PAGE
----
Mesh – This is based on the book, The Mesh by Lisa Gansky. One way of looking at it is that we want the hole, not the drill. It’s about shared resources, renting not owning and access trumps ownership.
When we share, it means we can use better, for instance, a group of neigbours could collectively own a snowblower. By sharing the expense and maintenance, they can buy an even better model, with more bells and whistles than they might alone.
Abundance – There is plenty for everyone, so share freely, no need to hide. Abundance thinking leads you to treat ‘competitors’ as collaborators, peers and resources. This opens the possibility of mesh thinking – like starting an industry group and bringing in speakers or other resources.
Yes, there’s a book for that, Abundance by Peter Diamandis and Steven Kotler. Reading this book I could believe in a time/society without money transactions. Now, before you scoff, think about this. We have the ability to supply everything we need for everyone, but we don’t have the ability to give everyone a job to pay for it. Riddle me another way to solve that one.
Long Tail – Chris Anderson (not TED Chris Anderson, but editor of Wired magazine Chris Anderson – yes there are 2 of them) wrote this book and we’ll be looking at another of his books later in this list.
The idea here is you don’t need millions of customers. A small group of dedicated, happy customers can give you a great living. It makes more sense to niche very tightly especially when you realize shelf space is not a limiting factor.
Selling to the masses is a difficult job best left to big business.. Your opportunity is in selling to special interest groups. For instance, we’re not business consultants, we’re not business consultants in the new ways of doing business, we are business consultants working with boomers who have owned businesses for a long time and are interested in learning the new ways of doing business.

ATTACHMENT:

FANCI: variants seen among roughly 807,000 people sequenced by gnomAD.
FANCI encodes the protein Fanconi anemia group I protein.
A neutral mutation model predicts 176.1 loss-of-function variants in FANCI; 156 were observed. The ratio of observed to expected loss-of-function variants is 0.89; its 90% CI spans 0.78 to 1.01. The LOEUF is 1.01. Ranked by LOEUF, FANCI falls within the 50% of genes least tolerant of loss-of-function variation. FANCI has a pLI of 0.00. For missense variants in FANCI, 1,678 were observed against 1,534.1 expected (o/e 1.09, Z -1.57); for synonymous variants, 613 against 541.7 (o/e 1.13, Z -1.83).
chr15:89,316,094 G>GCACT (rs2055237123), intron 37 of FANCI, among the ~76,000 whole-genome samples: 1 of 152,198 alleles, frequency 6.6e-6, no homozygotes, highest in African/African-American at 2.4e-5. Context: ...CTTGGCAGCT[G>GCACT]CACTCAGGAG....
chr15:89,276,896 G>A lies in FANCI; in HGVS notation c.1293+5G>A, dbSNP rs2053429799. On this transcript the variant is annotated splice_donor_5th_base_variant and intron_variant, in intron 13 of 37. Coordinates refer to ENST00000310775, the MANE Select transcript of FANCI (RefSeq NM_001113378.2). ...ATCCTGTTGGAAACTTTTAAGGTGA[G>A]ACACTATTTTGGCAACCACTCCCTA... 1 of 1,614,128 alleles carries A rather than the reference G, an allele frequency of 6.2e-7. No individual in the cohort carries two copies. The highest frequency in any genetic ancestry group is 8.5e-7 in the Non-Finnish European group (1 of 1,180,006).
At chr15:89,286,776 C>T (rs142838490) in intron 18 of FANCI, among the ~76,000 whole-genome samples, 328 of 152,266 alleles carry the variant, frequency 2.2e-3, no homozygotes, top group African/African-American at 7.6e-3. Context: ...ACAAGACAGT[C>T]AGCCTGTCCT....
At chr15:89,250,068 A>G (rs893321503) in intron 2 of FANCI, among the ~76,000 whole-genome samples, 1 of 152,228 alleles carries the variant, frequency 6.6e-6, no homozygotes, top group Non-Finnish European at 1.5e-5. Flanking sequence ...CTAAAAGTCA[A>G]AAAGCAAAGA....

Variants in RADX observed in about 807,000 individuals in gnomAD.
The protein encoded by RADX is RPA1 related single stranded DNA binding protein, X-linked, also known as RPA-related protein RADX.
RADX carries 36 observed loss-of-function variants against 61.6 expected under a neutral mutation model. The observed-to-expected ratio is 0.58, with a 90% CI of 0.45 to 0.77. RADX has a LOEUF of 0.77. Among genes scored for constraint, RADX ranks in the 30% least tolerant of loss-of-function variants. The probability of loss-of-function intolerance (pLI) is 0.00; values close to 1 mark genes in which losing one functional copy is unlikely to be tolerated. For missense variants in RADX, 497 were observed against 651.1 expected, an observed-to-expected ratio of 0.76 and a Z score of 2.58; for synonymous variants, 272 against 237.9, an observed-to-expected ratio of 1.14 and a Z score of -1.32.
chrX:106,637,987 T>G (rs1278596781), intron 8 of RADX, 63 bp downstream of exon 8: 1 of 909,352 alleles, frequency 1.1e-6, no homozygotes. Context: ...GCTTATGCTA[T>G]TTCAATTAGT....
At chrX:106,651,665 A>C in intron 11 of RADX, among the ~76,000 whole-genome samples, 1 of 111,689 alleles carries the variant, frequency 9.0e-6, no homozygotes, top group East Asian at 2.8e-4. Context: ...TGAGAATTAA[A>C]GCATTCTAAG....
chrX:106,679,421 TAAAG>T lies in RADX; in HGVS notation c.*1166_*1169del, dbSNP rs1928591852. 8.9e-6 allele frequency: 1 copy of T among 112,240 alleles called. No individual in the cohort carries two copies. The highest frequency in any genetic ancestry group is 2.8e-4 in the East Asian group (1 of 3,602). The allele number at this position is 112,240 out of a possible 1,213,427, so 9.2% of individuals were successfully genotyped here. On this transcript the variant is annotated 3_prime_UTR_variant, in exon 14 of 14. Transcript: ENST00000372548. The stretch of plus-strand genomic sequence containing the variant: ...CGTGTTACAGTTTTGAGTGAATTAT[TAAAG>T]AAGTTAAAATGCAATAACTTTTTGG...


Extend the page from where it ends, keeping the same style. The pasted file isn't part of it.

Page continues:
Free – Yet another book by Wired Chris Anderson. I first listened to a free copy of this book. Chris argues that as the marginal cost of things approaches free, it will be difficult to charge for it. How many times have you come across something and were irked to pay for it, knowing the cost was next to nothing. That thing for me is Kindle books – when they cost more than the paper versions.
Of course for books, as in other forms of media, the cost is in the creation of the content, not the form. Increasingly, the revenue model is in the live performance associated. The book becomes a calling card. The Grateful Dead knew that decades ago. Give it all away – people will pay for connection.
Gift economy – This is closely related to Free and it means giving gifts without expectation of direct reciprocity; paying it forward; giving gifts instead of money.
With Free, I give you my Manifesto and you give me your email address; I give you my book and you hire me to speak at your event. With Gift Economy, I set my Manifesto and book free to the world and when I travel to your community, you want to help me. Ask Amanda Palmer.